Despite the successes of Benny Goodman, Andre Previn and most recently, Keith Jarrett and Brad Melhdau,I get nervous when jazz and classical musicians get together because they come from different bases. Jazz is swing, blues and improvisation. Classics is sticking to the written score. Classical conductors interpret Beethoven's Symphony No. 5, not improvise above its melody line. English conductor and the Birmingham Symphony put the concern to rest as they join with top rank jazz artists for more than an hour of dazzling performances of a cross section of Duke Ellington's music.
The album has both instrumentals and vocals. Of the former, several standout out, There's Clark Terry and Regina Carter on "That Doo-Wah-Thing", variations on "It Don't Mean a Thing If It Ain't Got That Swing", with the members of the symphony swinging like mad. Bet they haven't that much fun in years. Terry, Bobby Watson, Joshua Redman. Joe Lovano and Regina Carter blast away on Ellington's signature, "Take the "A" Train". Individual members of the Symphony get a chance to show off as solists on a couple of cuts. John Barclay and Simon Gardner trumpets capture the blues on "Harlem".
But the gems of this album are the tracks when Lena Horne shows up. Turning back the clock, she engages the listener with as poignant "Something to Live" as you'll ever likely to hear with the Lovano tenor paying due respect to this doyen of song. Then she turns up the burners for "Maybe" supported by Watson's alto sax and an all star rhythm section of Geri Allen, Lewis Nash and Peter Washington. This rhythm section is on most tracks performing the seemingly impossible task of maintaining the jazz beat for each soloist without getting overwhelmed by the symphony. They pull it off without a hitch.
This is a fine album of Ellington/Billy Strayhorn music where the classical and jazz artist come together as one to honor the great composer. Recommended.
Track Listing: Take the "A" Train; You're the One; Sophisticated Lady; Harlem; Isfahan; Ad Lip on Nippon; That Doo-Wah Thing; Something to Live For; Come Sunday; Solitude in Transbluency; Maybe; Things Ain't What They Used to Be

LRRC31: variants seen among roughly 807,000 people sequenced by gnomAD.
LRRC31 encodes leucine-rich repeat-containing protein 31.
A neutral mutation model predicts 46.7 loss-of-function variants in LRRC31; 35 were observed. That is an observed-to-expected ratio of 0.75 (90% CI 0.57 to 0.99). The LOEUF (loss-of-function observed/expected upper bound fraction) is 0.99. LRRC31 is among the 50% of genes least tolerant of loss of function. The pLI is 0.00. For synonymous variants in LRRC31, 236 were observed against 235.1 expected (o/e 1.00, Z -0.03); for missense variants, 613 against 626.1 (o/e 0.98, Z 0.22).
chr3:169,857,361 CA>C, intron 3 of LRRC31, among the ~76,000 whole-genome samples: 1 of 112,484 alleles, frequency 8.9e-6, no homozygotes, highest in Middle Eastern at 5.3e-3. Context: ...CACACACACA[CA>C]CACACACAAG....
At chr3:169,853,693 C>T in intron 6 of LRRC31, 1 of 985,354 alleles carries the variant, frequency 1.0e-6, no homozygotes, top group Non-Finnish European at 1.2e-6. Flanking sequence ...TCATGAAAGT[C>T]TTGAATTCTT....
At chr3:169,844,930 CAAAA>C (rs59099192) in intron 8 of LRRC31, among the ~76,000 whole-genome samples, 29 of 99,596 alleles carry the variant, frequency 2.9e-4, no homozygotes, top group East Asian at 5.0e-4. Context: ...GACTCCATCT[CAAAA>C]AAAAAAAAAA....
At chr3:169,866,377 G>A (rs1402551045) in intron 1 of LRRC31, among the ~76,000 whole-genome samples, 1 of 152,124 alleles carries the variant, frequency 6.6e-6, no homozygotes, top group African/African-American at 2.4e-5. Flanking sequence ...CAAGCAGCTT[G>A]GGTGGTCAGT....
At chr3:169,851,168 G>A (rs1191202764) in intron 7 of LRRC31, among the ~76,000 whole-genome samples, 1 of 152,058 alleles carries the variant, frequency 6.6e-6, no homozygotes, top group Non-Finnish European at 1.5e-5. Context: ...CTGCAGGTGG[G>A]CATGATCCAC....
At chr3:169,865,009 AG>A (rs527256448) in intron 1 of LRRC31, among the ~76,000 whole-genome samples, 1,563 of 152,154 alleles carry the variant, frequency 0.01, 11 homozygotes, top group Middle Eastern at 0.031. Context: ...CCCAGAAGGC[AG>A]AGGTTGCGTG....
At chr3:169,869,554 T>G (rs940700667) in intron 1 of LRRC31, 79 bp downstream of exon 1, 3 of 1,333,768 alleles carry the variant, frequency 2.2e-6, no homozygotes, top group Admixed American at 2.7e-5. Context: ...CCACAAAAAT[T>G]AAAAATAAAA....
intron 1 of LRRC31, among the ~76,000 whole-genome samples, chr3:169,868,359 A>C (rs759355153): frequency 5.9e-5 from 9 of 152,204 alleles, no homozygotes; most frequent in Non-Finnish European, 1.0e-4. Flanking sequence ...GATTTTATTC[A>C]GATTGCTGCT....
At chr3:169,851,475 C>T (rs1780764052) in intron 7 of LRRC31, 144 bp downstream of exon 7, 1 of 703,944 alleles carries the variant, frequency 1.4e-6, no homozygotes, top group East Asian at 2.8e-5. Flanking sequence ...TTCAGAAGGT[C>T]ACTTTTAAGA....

Personnel: Clark Terry - Trumpet; Bobby Watson - Alto Sax; Joshua Redman, Joe Lovano - Tenor Sax; Regina Carter - Violin; Geri Allen, Mike Renzi - Piano; Lewis Nash - Drums; Peter Washington - Bass; Lena Horne - Vocals; The Birmingham Symphony Orch., Simon Rattle - Conductor
I was first exposed to jazz circa 1973, when I met a fellow who ran Kappy's Record Store over near 10th Ave., on 42nd St. in NYC. We really clicked and when I told him I played piano and went to Music & Art HS, and had just started at City College of NY as a music major, he asked if I liked jazz...I said yes but I didn't know much about it, but that I did have sheet music for many popular 1920's through 1940's tunes by noted composers (Porter; Gershwins; Irving Berlin; Rodgers & Hammerstein/Hart; Jerome Kern; Lerner & Loewe; etc.) that my mother had sung beautifully starting in the 1940's including tons of famous show tunes, and I played many of those songs already
I was first exposed to jazz circa 1973, when I met a fellow who ran Kappy's Record Store over near 10th Ave., on 42nd St. in NYC. We really clicked and when I told him I played piano and went to Music & Art HS, and had just started at City College of NY as a music major, he asked if I liked jazz...I said yes but I didn't know much about it, but that I did have sheet music for many popular 1920's through 1940's tunes by noted composers (Porter; Gershwins; Irving Berlin; Rodgers & Hammerstein/Hart; Jerome Kern; Lerner & Loewe; etc.) that my mother had sung beautifully starting in the 1940's including tons of famous show tunes, and I played many of those songs already. SOOOO... he started me off LP's by Oscar Peterson, Art Tatum, Bud Powell, Errol Garner, Bill Evans, Monty Alexander, Charlie Byrd, and Dave Brubeck... does it get any better than that? ...No, it doesn't. I was hooked!!
I met and had a master class with the late music giant John Lewis, leader of the Modern Jazz Quartet! This was at CCNY in 1977. I was blessed! It was an incredible class... how could it have been anything else?!?!
The first jazz record I bought was...I bought numerous records from my friend at the record store, as mentioned above. He introduced me to nothing but music giants/legends! I think The Dave Brubeck Quartet, Greatest Hits, was actually the first one.
My advice to new listeners... study first--understand the rudiments--solfeggio, keys, scales, and basic chords. Read a book or take a class that includes the study of chord progressions, especially in jazz. It should ideally be a piano class so you can play multiple notes together. Have a good EAR or else it's not really worth it in my view...to become a musician, a good EAR for music is about as fundamental as breathing! Learn to read chord charts--i.e., lead sheets - wherein you play various voicings of the chords--major, minor, dominant 7th (alterations of these, you can learn over time - the basic chords are most important for starters), plus the melody, on the piano or keyboard. If you have to read the exact notes, then it's not the same as actually internalizing it & getting it all into your head. If you can do this, I think you're ready not only for listening to jazz, but understanding many concepts of it! Of course...anyone can listen to jazz... but I think it's so good to also have a grasp of it.